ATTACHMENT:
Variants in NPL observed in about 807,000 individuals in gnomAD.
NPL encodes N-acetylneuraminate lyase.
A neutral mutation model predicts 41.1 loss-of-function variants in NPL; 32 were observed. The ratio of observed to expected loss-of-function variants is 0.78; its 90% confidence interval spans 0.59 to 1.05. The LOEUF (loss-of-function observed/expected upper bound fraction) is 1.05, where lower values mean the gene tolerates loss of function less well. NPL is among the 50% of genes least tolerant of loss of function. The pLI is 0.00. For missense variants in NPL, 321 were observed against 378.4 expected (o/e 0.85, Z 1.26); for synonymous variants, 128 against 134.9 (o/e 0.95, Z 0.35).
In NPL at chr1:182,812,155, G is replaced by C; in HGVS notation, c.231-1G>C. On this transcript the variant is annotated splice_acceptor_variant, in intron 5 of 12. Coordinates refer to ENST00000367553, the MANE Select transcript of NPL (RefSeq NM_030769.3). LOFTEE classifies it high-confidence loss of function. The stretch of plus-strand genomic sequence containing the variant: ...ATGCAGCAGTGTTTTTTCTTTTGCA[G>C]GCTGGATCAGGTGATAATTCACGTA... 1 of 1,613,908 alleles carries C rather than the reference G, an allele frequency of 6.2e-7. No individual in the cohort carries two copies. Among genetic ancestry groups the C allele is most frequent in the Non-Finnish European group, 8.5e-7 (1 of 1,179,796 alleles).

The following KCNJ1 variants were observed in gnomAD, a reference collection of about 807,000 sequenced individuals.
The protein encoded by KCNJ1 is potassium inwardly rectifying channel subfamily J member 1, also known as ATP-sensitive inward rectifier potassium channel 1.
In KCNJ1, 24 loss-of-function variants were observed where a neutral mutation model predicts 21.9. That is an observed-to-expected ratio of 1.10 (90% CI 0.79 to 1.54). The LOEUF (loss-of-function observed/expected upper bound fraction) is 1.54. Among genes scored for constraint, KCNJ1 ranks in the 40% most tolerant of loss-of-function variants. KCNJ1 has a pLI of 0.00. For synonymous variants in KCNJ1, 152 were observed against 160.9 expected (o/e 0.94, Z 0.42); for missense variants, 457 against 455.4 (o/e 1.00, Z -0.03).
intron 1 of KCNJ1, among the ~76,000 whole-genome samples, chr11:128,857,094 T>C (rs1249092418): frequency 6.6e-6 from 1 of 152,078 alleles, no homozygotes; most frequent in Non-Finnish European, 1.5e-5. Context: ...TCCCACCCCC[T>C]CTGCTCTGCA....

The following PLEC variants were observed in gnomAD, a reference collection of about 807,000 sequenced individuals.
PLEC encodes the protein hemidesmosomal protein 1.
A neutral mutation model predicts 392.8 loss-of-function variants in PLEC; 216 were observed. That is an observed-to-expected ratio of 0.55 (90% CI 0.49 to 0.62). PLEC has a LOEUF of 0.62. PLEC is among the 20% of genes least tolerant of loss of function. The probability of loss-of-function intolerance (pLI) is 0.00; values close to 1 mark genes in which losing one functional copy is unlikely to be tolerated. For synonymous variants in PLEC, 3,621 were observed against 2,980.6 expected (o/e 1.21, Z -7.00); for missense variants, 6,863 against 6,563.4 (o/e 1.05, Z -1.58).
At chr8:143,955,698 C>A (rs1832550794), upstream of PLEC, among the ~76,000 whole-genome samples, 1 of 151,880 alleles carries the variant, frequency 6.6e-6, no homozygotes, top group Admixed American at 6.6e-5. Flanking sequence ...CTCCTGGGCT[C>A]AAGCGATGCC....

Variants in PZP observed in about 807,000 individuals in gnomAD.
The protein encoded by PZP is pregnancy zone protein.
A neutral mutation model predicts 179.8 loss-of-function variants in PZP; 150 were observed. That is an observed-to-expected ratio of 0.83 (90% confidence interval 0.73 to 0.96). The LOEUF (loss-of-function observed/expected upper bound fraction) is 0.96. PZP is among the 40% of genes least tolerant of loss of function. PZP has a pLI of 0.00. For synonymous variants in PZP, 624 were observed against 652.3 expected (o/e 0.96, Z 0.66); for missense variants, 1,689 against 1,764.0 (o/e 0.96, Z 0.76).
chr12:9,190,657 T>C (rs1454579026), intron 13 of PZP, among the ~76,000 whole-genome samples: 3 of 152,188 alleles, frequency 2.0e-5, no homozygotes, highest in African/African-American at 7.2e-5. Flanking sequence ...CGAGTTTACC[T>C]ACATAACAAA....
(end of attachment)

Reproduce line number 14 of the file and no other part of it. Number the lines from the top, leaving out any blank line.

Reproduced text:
The protein encoded by PZP is pregnancy zone protein.